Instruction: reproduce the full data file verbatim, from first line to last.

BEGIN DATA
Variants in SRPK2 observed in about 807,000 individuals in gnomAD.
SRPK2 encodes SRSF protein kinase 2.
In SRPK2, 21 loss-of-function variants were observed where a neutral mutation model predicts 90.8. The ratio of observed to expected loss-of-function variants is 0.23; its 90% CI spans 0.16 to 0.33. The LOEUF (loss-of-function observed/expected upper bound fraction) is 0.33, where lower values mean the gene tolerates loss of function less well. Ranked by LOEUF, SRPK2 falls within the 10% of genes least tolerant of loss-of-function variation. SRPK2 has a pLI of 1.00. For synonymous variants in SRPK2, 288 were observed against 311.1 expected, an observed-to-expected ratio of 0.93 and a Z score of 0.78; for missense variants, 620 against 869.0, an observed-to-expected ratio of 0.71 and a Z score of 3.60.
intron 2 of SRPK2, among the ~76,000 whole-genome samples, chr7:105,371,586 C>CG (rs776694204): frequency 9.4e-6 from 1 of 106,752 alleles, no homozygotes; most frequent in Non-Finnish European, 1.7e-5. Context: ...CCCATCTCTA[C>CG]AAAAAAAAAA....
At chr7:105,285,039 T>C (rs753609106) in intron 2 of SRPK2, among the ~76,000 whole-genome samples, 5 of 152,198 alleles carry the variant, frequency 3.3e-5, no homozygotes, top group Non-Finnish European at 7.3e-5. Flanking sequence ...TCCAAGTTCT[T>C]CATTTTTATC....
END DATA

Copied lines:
Variants in SRPK2 observed in about 807,000 individuals in gnomAD.
SRPK2 encodes SRSF protein kinase 2.
In SRPK2, 21 loss-of-function variants were observed where a neutral mutation model predicts 90.8. The ratio of observed to expected loss-of-function variants is 0.23; its 90% CI spans 0.16 to 0.33. The LOEUF (loss-of-function observed/expected upper bound fraction) is 0.33, where lower values mean the gene tolerates loss of function less well. Ranked by LOEUF, SRPK2 falls within the 10% of genes least tolerant of loss-of-function variation. SRPK2 has a pLI of 1.00. For synonymous variants in SRPK2, 288 were observed against 311.1 expected, an observed-to-expected ratio of 0.93 and a Z score of 0.78; for missense variants, 620 against 869.0, an observed-to-expected ratio of 0.71 and a Z score of 3.60.
intron 2 of SRPK2, among the ~76,000 whole-genome samples, chr7:105,371,586 C>CG (rs776694204): frequency 9.4e-6 from 1 of 106,752 alleles, no homozygotes; most frequent in Non-Finnish European, 1.7e-5. Context: ...CCCATCTCTA[C>CG]AAAAAAAAAA....
At chr7:105,285,039 T>C (rs753609106) in intron 2 of SRPK2, among the ~76,000 whole-genome samples, 5 of 152,198 alleles carry the variant, frequency 3.3e-5, no homozygotes, top group Non-Finnish European at 7.3e-5. Flanking sequence ...TCCAAGTTCT[T>C]CATTTTTATC....